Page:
We find it hard to believe, but April 2015 marked our 10th anniversary!
In October last year we started working on our new website so that it would be ready to mark the decade of our two-person self-organisation. We submerged ourselves in the exercise of looking back and consolidating our physical and digital archives. The last decade has certainly been marked by the transition towards the latter, and hence files and hard drives now hold the most voluminous evidence of our activity, with all manner of USB-sticks and obsolescent CDs (remember those?) having fallen by the wayside.
We devised a plan for what we wanted to improve with a website conceived as a place for reportage as well as a publicly-accessible archive. This process included developing more extensive, and larger-format, photo galleries, cross-referencing to previously "buried" texts, making descriptions more concise, adding a related content section to cross-reference project information with blog posts, and consolidating locations as well as events. After six months of work, and some down-the-rabbit-hole endless weekends with the intricacies of CSS, we had re-edited ten years of our professional life online. Ta-da!
But we also hold on to physical archives and printer matter and they continue to delight! They also bear witness to something of what has been lost. The decline of the post as a means for distributing video (VHS! DVDs!) with the rise of DropBox, or Vimeo, for example, has meant no more of those sweet hand-written notes that used to accompany artists' packages. Exhibition invitations are frankly a rarity now too, and these are filed alongside various postcards, discarded fragments of artists' work and other amusing ephemera.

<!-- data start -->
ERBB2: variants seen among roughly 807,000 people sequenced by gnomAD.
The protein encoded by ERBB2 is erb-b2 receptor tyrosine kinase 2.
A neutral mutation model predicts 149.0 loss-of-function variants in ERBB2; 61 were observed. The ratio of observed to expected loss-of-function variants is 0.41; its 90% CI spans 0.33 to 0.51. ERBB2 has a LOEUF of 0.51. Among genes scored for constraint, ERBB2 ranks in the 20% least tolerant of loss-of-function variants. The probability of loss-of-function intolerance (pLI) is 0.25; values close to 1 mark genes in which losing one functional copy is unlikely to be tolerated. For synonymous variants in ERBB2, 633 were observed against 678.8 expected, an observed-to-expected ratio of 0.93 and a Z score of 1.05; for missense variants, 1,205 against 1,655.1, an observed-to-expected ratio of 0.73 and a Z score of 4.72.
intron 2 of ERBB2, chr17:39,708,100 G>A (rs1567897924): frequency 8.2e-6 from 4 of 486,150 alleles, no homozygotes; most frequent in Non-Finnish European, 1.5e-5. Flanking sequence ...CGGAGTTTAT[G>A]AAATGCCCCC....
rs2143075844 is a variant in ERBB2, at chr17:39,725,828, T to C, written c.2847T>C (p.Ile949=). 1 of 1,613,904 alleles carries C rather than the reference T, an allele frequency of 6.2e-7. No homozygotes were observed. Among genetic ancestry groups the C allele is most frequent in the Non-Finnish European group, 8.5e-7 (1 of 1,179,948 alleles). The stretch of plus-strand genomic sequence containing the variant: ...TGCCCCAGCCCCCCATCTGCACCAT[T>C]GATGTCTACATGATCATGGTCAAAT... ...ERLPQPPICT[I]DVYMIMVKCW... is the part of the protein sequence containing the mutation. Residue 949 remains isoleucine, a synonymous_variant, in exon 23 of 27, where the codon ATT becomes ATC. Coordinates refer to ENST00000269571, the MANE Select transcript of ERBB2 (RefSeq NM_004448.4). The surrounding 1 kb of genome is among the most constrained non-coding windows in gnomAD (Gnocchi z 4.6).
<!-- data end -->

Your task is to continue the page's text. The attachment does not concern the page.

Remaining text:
Since we commissioned our mail-and-stamp graphic identity from More Associates back in April 2005, we have seeped more-and-more online to document and communicate: our first newsletter (November 2005), our first website, our early blog posts (starting in September 2006!), our Facebook page in early 2009 started with the presentation of Jan Dibbets' filming for Portscapes, our Flickr photo archive (also in 2009, now with nearly 4,000 photos online), followed by our first tweets in 2010, and sporadically YouTube, Issuu, Storify, Soundcloud followed.
This "ecstasy of communication" as Dieter Roelstraete has ironically put it, a day-to-day reality, has certainly defined our practice and how we have come to produce, document and disseminate our projects. We always stress this rapid digital transition when presenting our practice, as adapting to it has certainly been crucial as a two person spaceless self-organisation. Not running a regular programme of exhibitions or events has meant we have found the need to communicate the duration of what we are working on while being seemingly offline. Sometimes the standard drop-in question, "What are you working on?", is not so straightforward to answer. Back to Roelstraete – "getting organised" could often be the most suitable answer. "Getting organised" for the next project, reflecting on a recently concluded activity, anticipating the one after that, sorting out finances, seeing how we might put together the next research trip, finding it a challenge to find the time to read a book from beginning to end, watching life and work go by in 'likes' and 'retweets' and 'regrams'... Yet far than being nostalgic, this transition has itself given us great food for thought. For example, we dedicated over a year to discussing the consequences of online presence for art practice and curating with colleagues from Hong Kong to Minneapolis in the #OpenCurating interview series.
We are thankful to the many artists and other creative people who have supported us throughout this past decade. Some projects started with innocuous conversations that eventually led to ongoing collaborations and friendships, and we are also grateful to colleagues willing to offer critical feedback and words of encouragement in those moments in which we most needed to regain trust. A huge thanks too to the institutions and organisations for financing our projects.
Very soon more news on a commemorative project we've been cooking up...
Latitudes' 4th anniversary (April 2009)
Newsletter #22 – April 2010
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